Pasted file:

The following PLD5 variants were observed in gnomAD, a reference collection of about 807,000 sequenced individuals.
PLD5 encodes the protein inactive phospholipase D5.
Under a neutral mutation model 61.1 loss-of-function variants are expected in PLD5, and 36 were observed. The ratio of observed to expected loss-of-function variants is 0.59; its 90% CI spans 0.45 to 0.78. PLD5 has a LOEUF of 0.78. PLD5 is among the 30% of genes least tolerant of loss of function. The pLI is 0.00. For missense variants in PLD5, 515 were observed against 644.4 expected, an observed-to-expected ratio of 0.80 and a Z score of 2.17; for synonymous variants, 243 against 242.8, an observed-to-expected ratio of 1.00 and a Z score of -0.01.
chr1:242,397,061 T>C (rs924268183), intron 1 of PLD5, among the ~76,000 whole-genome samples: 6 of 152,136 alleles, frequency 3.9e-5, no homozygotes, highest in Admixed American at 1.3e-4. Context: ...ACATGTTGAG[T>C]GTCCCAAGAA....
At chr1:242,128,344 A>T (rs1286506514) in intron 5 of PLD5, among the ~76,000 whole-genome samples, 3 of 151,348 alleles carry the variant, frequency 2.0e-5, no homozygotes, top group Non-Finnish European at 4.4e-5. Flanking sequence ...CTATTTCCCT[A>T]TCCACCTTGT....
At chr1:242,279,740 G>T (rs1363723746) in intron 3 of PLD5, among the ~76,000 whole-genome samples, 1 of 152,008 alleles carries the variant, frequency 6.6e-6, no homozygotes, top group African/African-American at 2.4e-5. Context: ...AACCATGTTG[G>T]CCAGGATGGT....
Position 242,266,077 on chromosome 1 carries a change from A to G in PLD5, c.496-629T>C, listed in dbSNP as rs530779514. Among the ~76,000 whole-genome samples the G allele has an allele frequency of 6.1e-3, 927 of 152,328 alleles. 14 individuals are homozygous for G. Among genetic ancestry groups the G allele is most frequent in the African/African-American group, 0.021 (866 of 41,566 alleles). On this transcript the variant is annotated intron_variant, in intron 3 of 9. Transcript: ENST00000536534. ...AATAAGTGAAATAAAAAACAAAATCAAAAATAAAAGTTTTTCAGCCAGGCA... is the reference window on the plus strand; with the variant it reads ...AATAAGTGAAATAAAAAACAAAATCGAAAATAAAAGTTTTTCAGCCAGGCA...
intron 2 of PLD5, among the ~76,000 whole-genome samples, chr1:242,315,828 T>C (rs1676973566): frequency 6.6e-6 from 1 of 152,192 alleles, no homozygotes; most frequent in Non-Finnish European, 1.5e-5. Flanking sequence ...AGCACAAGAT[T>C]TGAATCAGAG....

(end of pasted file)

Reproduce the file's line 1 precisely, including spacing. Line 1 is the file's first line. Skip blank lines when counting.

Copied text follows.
The following PLD5 variants were observed in gnomAD, a reference collection of about 807,000 sequenced individuals.